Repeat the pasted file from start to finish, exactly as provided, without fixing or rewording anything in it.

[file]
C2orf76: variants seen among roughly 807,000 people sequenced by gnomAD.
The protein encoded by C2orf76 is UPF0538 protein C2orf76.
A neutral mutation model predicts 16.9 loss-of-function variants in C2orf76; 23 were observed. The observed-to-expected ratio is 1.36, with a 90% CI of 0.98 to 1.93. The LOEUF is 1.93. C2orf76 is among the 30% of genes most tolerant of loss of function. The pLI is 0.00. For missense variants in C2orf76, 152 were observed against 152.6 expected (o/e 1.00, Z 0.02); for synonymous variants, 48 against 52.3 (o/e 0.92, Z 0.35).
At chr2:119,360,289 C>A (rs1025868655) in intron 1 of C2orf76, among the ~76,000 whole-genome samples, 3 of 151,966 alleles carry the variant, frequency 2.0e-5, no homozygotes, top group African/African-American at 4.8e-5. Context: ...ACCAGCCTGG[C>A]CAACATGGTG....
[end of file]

C2orf76: variants seen among roughly 807,000 people sequenced by gnomAD.
The protein encoded by C2orf76 is UPF0538 protein C2orf76.
A neutral mutation model predicts 16.9 loss-of-function variants in C2orf76; 23 were observed. The observed-to-expected ratio is 1.36, with a 90% CI of 0.98 to 1.93. The LOEUF is 1.93. C2orf76 is among the 30% of genes most tolerant of loss of function. The pLI is 0.00. For missense variants in C2orf76, 152 were observed against 152.6 expected (o/e 1.00, Z 0.02); for synonymous variants, 48 against 52.3 (o/e 0.92, Z 0.35).
At chr2:119,360,289 C>A (rs1025868655) in intron 1 of C2orf76, among the ~76,000 whole-genome samples, 3 of 151,966 alleles carry the variant, frequency 2.0e-5, no homozygotes, top group African/African-American at 4.8e-5. Context: ...ACCAGCCTGG[C>A]CAACATGGTG....